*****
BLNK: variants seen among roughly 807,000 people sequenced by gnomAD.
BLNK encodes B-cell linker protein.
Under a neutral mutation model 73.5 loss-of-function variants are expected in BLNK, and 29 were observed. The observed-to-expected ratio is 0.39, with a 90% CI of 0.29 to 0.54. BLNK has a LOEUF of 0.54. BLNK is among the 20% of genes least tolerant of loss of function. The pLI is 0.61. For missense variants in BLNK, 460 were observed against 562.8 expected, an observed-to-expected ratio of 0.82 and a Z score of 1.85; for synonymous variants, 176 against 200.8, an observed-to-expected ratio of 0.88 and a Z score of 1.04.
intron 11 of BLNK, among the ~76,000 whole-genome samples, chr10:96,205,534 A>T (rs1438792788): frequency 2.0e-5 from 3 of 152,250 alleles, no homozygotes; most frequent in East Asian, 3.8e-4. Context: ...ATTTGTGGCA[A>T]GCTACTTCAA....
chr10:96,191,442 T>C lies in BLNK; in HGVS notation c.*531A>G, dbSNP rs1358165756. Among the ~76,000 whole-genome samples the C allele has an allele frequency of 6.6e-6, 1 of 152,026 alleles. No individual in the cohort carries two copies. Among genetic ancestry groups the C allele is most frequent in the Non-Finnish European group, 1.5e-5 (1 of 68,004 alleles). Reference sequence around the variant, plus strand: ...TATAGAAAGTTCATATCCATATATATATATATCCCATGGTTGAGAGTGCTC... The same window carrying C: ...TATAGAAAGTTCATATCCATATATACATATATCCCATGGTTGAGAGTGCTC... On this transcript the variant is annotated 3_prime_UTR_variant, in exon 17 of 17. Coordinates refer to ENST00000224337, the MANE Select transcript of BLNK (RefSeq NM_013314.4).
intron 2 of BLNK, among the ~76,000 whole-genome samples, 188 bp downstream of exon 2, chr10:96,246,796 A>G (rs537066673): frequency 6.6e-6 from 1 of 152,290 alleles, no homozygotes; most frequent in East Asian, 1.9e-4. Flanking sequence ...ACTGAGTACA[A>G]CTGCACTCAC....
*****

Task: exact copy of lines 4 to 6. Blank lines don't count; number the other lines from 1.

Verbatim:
intron 11 of BLNK, among the ~76,000 whole-genome samples, chr10:96,205,534 A>T (rs1438792788): frequency 2.0e-5 from 3 of 152,250 alleles, no homozygotes; most frequent in East Asian, 3.8e-4. Context: ...ATTTGTGGCA[A>T]GCTACTTCAA....
chr10:96,191,442 T>C lies in BLNK; in HGVS notation c.*531A>G, dbSNP rs1358165756. Among the ~76,000 whole-genome samples the C allele has an allele frequency of 6.6e-6, 1 of 152,026 alleles. No individual in the cohort carries two copies. Among genetic ancestry groups the C allele is most frequent in the Non-Finnish European group, 1.5e-5 (1 of 68,004 alleles). Reference sequence around the variant, plus strand: ...TATAGAAAGTTCATATCCATATATATATATATCCCATGGTTGAGAGTGCTC... The same window carrying C: ...TATAGAAAGTTCATATCCATATATACATATATCCCATGGTTGAGAGTGCTC... On this transcript the variant is annotated 3_prime_UTR_variant, in exon 17 of 17. Coordinates refer to ENST00000224337, the MANE Select transcript of BLNK (RefSeq NM_013314.4).
intron 2 of BLNK, among the ~76,000 whole-genome samples, 188 bp downstream of exon 2, chr10:96,246,796 A>G (rs537066673): frequency 6.6e-6 from 1 of 152,290 alleles, no homozygotes; most frequent in East Asian, 1.9e-4. Flanking sequence ...ACTGAGTACA[A>G]CTGCACTCAC....